The Plant Kingdom is immense and complex. And Colorado’s growing season is short and often unforgiving, as proven by recent snow and freeze temperatures the third week of May, followed by deimmenseating hailstorms. Plants have up in cost and require considerable effort to get them into the garden. cipher wants failures after investment money, muscle and time in the garden. And most local gardeners would like to know which plants fare best in the Rocky Mountain West, particularly on Colorado’s Front Range.
Here’s where Plant Select helps. A triangular collaboration between Denver botanical Gardens, Colorado State University and the region’s green industry, Plant Select conducts the research and lays the groundwork for the best choices for Front Range gardens.
Colorado State University horticulture professor Jim Klett helped found Plant Select and serves as the program’s CSU spokesperson.
“Western gardeners can have confidence when choosing Plant Select plants — the work has been done for you,” Klett aforementioned. “Plant Select plants are beautiful and resilient plants that use less resources and have a more positive environmental impacts.”
Getting Plant Select off the ground, Klett aforementioned, was time overwhelming with tedious research and development.
“Considerable time was spent in the eighties and nineties as we worked through the processes needed to initiate the program. In 1997, we recommended the first five plants and had the first brochure,” Klett aforementioned.
The Plant Select palette grew on the far side expectations. Each year, more plants were added to the cautiously curated program.
“I was somewhat astonied with the plant palette since there were so galore more unknown and under-utilized plants that are very altered to our climate that were never adult or very little known — plants that needed to be promoted and adult for this area,” he aforementioned.
Plant Select widow's widow's weeds out weaker plants through various tests. All plants that make the Plant Select grade are tried and true.
“Woody plants are trialed for about five years at various test sites throughout Colorado,” Klett aforementioned. “Herbaceous plants are tested for two to three years at Denver botanical Gardens and Colorado State and several other sites throughout Colorado for two winters and three growing seasons, normally.”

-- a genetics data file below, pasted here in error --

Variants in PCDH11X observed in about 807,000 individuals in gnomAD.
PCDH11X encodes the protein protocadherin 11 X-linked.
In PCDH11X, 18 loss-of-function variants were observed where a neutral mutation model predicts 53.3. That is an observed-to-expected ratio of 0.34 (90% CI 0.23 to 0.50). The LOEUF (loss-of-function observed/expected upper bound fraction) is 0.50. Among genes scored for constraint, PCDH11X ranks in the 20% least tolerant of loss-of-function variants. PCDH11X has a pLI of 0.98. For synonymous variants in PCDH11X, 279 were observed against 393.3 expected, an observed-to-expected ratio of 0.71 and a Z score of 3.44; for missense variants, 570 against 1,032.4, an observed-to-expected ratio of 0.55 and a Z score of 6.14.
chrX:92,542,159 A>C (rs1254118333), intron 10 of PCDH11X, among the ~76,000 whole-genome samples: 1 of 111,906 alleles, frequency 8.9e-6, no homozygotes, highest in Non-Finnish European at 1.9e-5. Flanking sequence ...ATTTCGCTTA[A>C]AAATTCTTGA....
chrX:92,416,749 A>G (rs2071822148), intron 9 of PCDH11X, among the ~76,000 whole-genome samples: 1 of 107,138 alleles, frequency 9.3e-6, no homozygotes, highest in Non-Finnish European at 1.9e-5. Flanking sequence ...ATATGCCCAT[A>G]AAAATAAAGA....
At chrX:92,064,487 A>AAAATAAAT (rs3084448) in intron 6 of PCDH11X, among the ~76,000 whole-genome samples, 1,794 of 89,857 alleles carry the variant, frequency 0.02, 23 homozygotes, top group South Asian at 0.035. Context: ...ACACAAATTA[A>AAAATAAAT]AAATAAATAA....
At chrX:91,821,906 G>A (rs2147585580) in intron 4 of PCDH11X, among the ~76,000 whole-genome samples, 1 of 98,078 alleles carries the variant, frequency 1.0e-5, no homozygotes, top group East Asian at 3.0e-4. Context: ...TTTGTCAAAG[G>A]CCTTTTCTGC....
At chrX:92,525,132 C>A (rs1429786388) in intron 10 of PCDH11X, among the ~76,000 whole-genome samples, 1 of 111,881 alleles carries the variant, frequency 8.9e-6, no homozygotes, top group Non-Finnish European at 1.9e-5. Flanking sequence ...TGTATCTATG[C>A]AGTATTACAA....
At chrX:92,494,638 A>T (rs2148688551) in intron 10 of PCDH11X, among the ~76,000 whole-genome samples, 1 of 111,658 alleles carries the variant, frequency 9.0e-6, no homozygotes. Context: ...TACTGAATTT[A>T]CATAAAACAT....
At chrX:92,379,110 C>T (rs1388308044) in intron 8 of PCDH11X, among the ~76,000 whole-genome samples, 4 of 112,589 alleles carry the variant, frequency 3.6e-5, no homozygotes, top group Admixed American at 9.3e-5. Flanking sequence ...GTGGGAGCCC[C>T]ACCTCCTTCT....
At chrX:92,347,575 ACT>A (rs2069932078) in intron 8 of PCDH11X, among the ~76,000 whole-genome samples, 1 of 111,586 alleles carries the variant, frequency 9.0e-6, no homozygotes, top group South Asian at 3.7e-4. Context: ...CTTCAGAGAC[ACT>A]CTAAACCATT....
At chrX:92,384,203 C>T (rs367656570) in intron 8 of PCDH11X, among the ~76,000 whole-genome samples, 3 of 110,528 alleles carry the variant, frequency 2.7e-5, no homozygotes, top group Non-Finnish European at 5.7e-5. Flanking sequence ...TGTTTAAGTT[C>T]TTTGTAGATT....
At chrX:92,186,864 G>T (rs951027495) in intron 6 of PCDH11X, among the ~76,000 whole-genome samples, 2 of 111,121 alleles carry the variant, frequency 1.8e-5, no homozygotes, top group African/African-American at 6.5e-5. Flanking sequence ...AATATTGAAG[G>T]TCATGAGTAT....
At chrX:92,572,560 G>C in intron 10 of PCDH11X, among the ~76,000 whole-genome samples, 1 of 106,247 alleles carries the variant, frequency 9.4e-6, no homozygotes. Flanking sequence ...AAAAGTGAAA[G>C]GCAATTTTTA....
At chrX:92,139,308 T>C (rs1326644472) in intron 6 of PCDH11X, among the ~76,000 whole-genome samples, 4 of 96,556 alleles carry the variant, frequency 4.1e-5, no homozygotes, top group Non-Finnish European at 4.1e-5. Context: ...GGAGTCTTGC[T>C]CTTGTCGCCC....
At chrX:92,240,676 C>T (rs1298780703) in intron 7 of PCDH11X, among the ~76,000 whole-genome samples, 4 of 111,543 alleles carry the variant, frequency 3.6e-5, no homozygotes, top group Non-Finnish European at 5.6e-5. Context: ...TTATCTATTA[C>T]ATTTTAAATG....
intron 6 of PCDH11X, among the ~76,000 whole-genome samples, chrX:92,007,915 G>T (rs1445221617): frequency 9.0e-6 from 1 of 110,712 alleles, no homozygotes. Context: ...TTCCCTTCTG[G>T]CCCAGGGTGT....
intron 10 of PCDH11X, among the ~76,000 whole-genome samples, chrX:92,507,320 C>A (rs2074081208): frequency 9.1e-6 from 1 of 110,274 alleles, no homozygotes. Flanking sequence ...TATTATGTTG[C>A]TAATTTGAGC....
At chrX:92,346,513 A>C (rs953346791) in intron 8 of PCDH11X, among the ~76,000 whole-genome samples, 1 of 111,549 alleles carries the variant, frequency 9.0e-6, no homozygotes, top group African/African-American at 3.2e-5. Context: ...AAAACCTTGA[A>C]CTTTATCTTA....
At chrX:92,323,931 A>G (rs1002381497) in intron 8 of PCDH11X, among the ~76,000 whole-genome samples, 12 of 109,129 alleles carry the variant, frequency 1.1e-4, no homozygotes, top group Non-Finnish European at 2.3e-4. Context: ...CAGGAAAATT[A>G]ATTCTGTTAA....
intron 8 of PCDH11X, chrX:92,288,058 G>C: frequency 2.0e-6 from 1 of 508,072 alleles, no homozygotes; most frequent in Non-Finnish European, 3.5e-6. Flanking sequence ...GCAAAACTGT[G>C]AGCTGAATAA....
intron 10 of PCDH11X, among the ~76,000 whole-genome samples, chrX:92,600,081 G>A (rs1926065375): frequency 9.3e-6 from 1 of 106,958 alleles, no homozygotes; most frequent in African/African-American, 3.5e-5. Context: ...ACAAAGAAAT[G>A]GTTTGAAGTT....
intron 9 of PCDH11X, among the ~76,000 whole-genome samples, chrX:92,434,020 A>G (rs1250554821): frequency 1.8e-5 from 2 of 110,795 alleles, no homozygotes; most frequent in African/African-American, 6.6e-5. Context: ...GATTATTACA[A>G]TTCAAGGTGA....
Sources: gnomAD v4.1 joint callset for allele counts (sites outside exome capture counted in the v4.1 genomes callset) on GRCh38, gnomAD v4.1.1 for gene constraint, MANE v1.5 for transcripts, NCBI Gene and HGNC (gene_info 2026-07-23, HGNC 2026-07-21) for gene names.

While Plant Select is a Colorado cooperative, not all of the plants are cultivated in the Centennial State.
“The majority of our plants are adult by several large growers in Colorado, but we have member growers outside of Colorado, and even in Europe,” Klett aforementioned.
To find Plant Select picks, gardeners will need to branch out from the general plant palette untypically offered at box stores to more specialized greenhouses and nurseries.
“Plant Select plants are best found at our member cooperating garden centers throughout the region. They are all listed on our website,” Klett aforementioned. “Some mass merchandisers may sell a few of our plants.”
girl Smith writes and gardens in Denver.
Plant Select personal favorites: low-maintenance yet high appeal
The Plant Select palette includes a range of annuals, perennials, trees, tube plants, grasses and bushs. These four personal favorite Plant Select picks are low-maintenance yet will prove high points of your landscape for years to come. The plants look terrific together with the pink flowers of the daphne and the rose and the pale yellow honeysuckle flowers and the creamy white Viburnum blooms blending beautifully. And these Plant Select personal favorites attract bees and — except for the daphne — resist hungry deer.
Daphne “Carol Mackie”: An evergreen bush with varicolored foliage, this elegant Daphne produces galore clusters of aromatic, pale pink flowers in spring — and sometimes once once again in fall. The perfume of this plant’s flowers alone makes it worth growing, but the winter interest doubles its value to the landscape. Full adult at 3 to 4’ wide by 3-4’ tall, these low-maintenance bushs make a spectacular hedge or specimen plant. Plant Select describes this bush as “aristocratic” and warns once once against heavy fertilizing, full western sun and wind exposure.
Alleghany Viburnum: A dramatic, four-season bush, this Viburnum was hybridized at the U.S. National botanical garden in Washington, D.C., but fares well in Denver. In spring, bantam bouquets of graceful white flowers appear, followed by red berries that attract birds. Heavily textured leaves are evergreen most winters. Plant Select suggests mulching this bush with bark or leaves to retain wet in soil. At 8’ to 10’ high and 8’ to 10’ wide, this adjustable bush makes a statement in sun, shade or partial sun.
Honeysuckle ‘Kintzley’s Ghost’: Not your average honeysuckle, this perennial woody tube plant adds texture and unostentatious elegance to any garden. Even after the pale yellow flowers drop, the bracts remain attractive all growing season. Plant Select describes the longlasting bracts as “the size and color of silver dollars.” What makes this tube plant much priceless is vigorous growth — 8 to 12’ tall by 3 to 6’ wide — that requires barely any maintenance. The tube plant takes its name from an Iowa State University horticulture professor who propagated the plant in the 1880s.
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Redleaf rose: The roses are as simple as can be with just five petals in bright pink with pale yellow centers. In the case of this rose, the spectacular foliage about upstages the simple flowers. Purple leaves with burgundy veins turn golden-orange in fall. Do not deadhead these roses. The showy red-orange rose hips are part of this plant’s appeal. Give this rose room to grow. At full size, the rose will be 6-8’ tall and 4-6’ wide. This rugged rose will even thrive in xeriscapes. – girl Smith, Special to The Denver Post
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